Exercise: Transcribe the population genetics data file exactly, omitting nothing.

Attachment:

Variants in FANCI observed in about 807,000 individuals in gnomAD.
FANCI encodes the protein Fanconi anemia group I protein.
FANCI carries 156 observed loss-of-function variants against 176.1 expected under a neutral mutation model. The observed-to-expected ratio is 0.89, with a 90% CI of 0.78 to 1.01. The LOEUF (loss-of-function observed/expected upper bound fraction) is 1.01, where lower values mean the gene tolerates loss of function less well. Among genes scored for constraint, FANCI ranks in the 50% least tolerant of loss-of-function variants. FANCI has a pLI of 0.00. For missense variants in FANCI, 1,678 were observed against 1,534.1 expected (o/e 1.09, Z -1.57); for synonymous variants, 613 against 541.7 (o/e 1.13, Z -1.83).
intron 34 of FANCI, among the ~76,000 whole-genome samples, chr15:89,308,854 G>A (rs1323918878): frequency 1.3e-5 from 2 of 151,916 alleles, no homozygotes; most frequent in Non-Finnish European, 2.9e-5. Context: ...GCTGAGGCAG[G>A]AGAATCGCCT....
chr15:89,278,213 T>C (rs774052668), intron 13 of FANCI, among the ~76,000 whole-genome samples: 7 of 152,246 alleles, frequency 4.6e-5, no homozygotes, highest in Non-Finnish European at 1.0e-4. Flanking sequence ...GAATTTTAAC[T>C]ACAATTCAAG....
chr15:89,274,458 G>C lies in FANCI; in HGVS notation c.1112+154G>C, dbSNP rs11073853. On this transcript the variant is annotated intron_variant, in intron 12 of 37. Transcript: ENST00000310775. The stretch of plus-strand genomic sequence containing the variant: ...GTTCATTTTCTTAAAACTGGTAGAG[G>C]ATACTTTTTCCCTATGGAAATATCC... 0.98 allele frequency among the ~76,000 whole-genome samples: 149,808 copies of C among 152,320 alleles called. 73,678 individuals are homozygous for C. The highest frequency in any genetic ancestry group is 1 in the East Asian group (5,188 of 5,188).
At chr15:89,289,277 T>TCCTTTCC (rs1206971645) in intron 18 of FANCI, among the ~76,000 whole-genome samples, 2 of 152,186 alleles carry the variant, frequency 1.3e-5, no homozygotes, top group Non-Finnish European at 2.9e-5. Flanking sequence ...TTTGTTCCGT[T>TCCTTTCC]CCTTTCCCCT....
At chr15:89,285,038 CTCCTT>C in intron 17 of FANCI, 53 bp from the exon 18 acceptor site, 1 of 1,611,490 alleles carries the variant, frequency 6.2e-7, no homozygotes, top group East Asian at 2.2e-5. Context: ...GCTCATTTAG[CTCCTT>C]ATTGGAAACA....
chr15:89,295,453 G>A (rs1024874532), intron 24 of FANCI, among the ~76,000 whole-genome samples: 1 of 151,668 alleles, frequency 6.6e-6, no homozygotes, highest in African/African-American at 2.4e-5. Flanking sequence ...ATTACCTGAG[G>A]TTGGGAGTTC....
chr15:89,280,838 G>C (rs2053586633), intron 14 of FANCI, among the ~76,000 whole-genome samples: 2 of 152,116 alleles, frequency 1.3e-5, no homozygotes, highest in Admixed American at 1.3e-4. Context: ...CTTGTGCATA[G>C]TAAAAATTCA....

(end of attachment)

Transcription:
Variants in FANCI observed in about 807,000 individuals in gnomAD.
FANCI encodes the protein Fanconi anemia group I protein.
FANCI carries 156 observed loss-of-function variants against 176.1 expected under a neutral mutation model. The observed-to-expected ratio is 0.89, with a 90% CI of 0.78 to 1.01. The LOEUF (loss-of-function observed/expected upper bound fraction) is 1.01, where lower values mean the gene tolerates loss of function less well. Among genes scored for constraint, FANCI ranks in the 50% least tolerant of loss-of-function variants. FANCI has a pLI of 0.00. For missense variants in FANCI, 1,678 were observed against 1,534.1 expected (o/e 1.09, Z -1.57); for synonymous variants, 613 against 541.7 (o/e 1.13, Z -1.83).
intron 34 of FANCI, among the ~76,000 whole-genome samples, chr15:89,308,854 G>A (rs1323918878): frequency 1.3e-5 from 2 of 151,916 alleles, no homozygotes; most frequent in Non-Finnish European, 2.9e-5. Context: ...GCTGAGGCAG[G>A]AGAATCGCCT....
chr15:89,278,213 T>C (rs774052668), intron 13 of FANCI, among the ~76,000 whole-genome samples: 7 of 152,246 alleles, frequency 4.6e-5, no homozygotes, highest in Non-Finnish European at 1.0e-4. Flanking sequence ...GAATTTTAAC[T>C]ACAATTCAAG....
chr15:89,274,458 G>C lies in FANCI; in HGVS notation c.1112+154G>C, dbSNP rs11073853. On this transcript the variant is annotated intron_variant, in intron 12 of 37. Transcript: ENST00000310775. The stretch of plus-strand genomic sequence containing the variant: ...GTTCATTTTCTTAAAACTGGTAGAG[G>C]ATACTTTTTCCCTATGGAAATATCC... 0.98 allele frequency among the ~76,000 whole-genome samples: 149,808 copies of C among 152,320 alleles called. 73,678 individuals are homozygous for C. The highest frequency in any genetic ancestry group is 1 in the East Asian group (5,188 of 5,188).
At chr15:89,289,277 T>TCCTTTCC (rs1206971645) in intron 18 of FANCI, among the ~76,000 whole-genome samples, 2 of 152,186 alleles carry the variant, frequency 1.3e-5, no homozygotes, top group Non-Finnish European at 2.9e-5. Flanking sequence ...TTTGTTCCGT[T>TCCTTTCC]CCTTTCCCCT....
At chr15:89,285,038 CTCCTT>C in intron 17 of FANCI, 53 bp from the exon 18 acceptor site, 1 of 1,611,490 alleles carries the variant, frequency 6.2e-7, no homozygotes, top group East Asian at 2.2e-5. Context: ...GCTCATTTAG[CTCCTT>C]ATTGGAAACA....
chr15:89,295,453 G>A (rs1024874532), intron 24 of FANCI, among the ~76,000 whole-genome samples: 1 of 151,668 alleles, frequency 6.6e-6, no homozygotes, highest in African/African-American at 2.4e-5. Flanking sequence ...ATTACCTGAG[G>A]TTGGGAGTTC....
chr15:89,280,838 G>C (rs2053586633), intron 14 of FANCI, among the ~76,000 whole-genome samples: 2 of 152,116 alleles, frequency 1.3e-5, no homozygotes, highest in Admixed American at 1.3e-4. Context: ...CTTGTGCATA[G>C]TAAAAATTCA....